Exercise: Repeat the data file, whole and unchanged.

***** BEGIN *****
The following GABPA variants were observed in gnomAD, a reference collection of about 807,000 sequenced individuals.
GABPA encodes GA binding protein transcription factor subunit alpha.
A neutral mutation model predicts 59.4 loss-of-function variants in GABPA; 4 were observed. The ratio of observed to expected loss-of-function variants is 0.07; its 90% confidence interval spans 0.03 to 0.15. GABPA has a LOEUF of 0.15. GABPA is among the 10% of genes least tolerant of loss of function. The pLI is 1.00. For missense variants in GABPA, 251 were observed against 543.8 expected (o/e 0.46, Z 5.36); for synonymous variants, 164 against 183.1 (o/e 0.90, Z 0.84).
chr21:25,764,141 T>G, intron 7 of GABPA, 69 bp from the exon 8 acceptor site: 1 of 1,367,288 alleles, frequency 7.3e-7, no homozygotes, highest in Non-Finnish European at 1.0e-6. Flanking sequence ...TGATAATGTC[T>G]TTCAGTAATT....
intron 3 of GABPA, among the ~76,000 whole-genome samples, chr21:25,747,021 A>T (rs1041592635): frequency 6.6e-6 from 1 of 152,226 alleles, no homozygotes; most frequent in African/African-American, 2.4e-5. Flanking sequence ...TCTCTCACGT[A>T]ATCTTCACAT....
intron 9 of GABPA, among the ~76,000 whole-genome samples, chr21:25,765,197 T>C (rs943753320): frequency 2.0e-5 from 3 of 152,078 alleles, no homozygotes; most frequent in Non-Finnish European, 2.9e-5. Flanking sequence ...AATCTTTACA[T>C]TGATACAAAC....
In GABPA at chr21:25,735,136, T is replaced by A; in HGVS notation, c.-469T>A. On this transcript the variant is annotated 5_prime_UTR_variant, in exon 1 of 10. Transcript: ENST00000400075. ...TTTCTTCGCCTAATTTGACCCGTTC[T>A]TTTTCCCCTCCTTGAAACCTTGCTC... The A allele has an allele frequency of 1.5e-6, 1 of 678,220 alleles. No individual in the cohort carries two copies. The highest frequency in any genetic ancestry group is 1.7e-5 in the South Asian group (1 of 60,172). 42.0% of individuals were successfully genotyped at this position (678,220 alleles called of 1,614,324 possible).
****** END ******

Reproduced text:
The following GABPA variants were observed in gnomAD, a reference collection of about 807,000 sequenced individuals.
GABPA encodes GA binding protein transcription factor subunit alpha.
A neutral mutation model predicts 59.4 loss-of-function variants in GABPA; 4 were observed. The ratio of observed to expected loss-of-function variants is 0.07; its 90% confidence interval spans 0.03 to 0.15. GABPA has a LOEUF of 0.15. GABPA is among the 10% of genes least tolerant of loss of function. The pLI is 1.00. For missense variants in GABPA, 251 were observed against 543.8 expected (o/e 0.46, Z 5.36); for synonymous variants, 164 against 183.1 (o/e 0.90, Z 0.84).
chr21:25,764,141 T>G, intron 7 of GABPA, 69 bp from the exon 8 acceptor site: 1 of 1,367,288 alleles, frequency 7.3e-7, no homozygotes, highest in Non-Finnish European at 1.0e-6. Flanking sequence ...TGATAATGTC[T>G]TTCAGTAATT....
intron 3 of GABPA, among the ~76,000 whole-genome samples, chr21:25,747,021 A>T (rs1041592635): frequency 6.6e-6 from 1 of 152,226 alleles, no homozygotes; most frequent in African/African-American, 2.4e-5. Flanking sequence ...TCTCTCACGT[A>T]ATCTTCACAT....
intron 9 of GABPA, among the ~76,000 whole-genome samples, chr21:25,765,197 T>C (rs943753320): frequency 2.0e-5 from 3 of 152,078 alleles, no homozygotes; most frequent in Non-Finnish European, 2.9e-5. Flanking sequence ...AATCTTTACA[T>C]TGATACAAAC....
In GABPA at chr21:25,735,136, T is replaced by A; in HGVS notation, c.-469T>A. On this transcript the variant is annotated 5_prime_UTR_variant, in exon 1 of 10. Transcript: ENST00000400075. ...TTTCTTCGCCTAATTTGACCCGTTC[T>A]TTTTCCCCTCCTTGAAACCTTGCTC... The A allele has an allele frequency of 1.5e-6, 1 of 678,220 alleles. No individual in the cohort carries two copies. The highest frequency in any genetic ancestry group is 1.7e-5 in the South Asian group (1 of 60,172). 42.0% of individuals were successfully genotyped at this position (678,220 alleles called of 1,614,324 possible).